Oh, but wait! There's more!
So, this morning, I'm having an "IM" conversation on FaceBook with a young man named Jonathon Moyers-Bradford. Jonathan is a seminarian - quite brilliantly creative with a heart filled with passion for Jesus and the church. He and I have never met, face-to-face, but we've chatted a great deal over the past year or so. He has become very dear to my heart.
I was telling him about this piece and asking him how I might be able to post it here, on my blog or on FaceBook. I told him that Dale's mom had sent me an Mp3 version of the piece. He asked me to email him the Mp3 version, along with the text, which I did.
Less than thirty minutes later, he had put the music together with some of his own pictures and the words and sent me the link to YouTube.
I am absolutely in awe. And, here it is. Ta da!
The church is the Methodist Church where he grew up in the faith and preached his first sermon at age 15. The rock is in the State Park outside his home in Charleston, West Virginia. The picture of the water was taken outside Des Moines, IA, and the field is in Meppen, IL... on the peninsula where the Illinois and Mississippi Rivers come together.
Oh, wait. Remember the Larkspur? On the front of the note written to me by Dale? It grows especially abundant in central and western Illinois. More on this later.
So, are you following this parable, now? How the words scattered by a Swiss philosopher and poet penned in the late 1800's, found their way into a benediction, which found their way into the heart of this priest, then living in Baltimore, MD, which found their way into the heart of a young musician from Chatham, New Jersey, now living in Los Angelus, CA, which found their way into the heart of a young seminarian in Charleston, West Virginia, which now will find their way into the ears (and hearts, please God) of many, many more.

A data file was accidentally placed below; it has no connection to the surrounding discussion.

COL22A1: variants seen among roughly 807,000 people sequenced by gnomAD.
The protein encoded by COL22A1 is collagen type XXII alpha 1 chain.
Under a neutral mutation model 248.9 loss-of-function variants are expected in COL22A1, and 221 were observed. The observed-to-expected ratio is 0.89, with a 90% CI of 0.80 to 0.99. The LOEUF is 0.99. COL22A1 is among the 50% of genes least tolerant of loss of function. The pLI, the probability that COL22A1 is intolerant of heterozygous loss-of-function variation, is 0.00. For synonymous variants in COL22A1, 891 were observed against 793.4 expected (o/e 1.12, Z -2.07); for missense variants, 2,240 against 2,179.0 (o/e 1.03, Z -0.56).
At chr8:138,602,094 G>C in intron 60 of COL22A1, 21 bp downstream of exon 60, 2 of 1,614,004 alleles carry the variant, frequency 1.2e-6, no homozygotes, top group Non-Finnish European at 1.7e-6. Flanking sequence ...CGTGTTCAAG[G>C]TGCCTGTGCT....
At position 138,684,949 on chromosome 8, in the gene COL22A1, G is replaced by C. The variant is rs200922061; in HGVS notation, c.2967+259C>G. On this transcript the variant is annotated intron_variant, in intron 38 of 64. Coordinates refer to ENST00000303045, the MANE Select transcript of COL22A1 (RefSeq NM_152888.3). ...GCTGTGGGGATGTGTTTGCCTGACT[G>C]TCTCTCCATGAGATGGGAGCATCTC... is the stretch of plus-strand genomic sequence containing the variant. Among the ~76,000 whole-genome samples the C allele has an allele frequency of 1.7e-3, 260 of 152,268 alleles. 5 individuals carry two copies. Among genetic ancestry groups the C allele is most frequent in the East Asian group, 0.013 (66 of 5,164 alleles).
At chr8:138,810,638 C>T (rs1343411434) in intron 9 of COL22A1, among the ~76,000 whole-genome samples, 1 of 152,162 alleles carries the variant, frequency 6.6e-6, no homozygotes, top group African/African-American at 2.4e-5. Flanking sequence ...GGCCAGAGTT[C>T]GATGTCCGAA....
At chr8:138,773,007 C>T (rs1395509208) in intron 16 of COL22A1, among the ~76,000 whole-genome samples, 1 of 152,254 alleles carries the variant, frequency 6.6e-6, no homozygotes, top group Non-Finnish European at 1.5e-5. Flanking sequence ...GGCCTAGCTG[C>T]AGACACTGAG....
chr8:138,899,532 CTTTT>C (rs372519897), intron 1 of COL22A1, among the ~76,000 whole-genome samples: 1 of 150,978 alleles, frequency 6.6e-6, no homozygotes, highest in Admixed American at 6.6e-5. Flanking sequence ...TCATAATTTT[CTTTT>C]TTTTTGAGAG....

If I've done nothing else in 24 years of ministry as a Sower of the Word, this blesses all the rest.
Wild Larkspur. Oddly enough, a number of plants in this family are named for birds, such as crowfoot, yet the larkspur's Latin name, Delphinium, comes from the fact that the Greeks thought the nectar of the flowers resembled a dolphin, and because of a myth about a dolphin facing death in spite of its good deeds, was rescued by the gods by being turned into this plant.
Resurrection. Redemption. Salvation.
There are no coincidences. Or, as they say in 12 Step Programs, "Coincidence" is one of the names God uses when S/he wants to remain anonymous."
He set another parable before them, saying, "The Kingdom of Heaven is like a grain of mustard seed, which a man took, and sowed in his field; which indeed is smaller than all seeds. But when it is grown, it is greater than the herbs, and becomes a tree, so that the birds of the air come and lodge in its branches." (Matthew 13:31-32)Just a small seed. Just one. Scattered in faith.
You may not see it grow, much less taste of the fruit it might bear.
But, when you do, the blessings will abound. Full measure. Pressed down. And, overflowing.
And then, continue to scatter where it will grow, yielding thirty, sixty, and a hundredfold.
And, I say to you, you will not see a more glorious moment.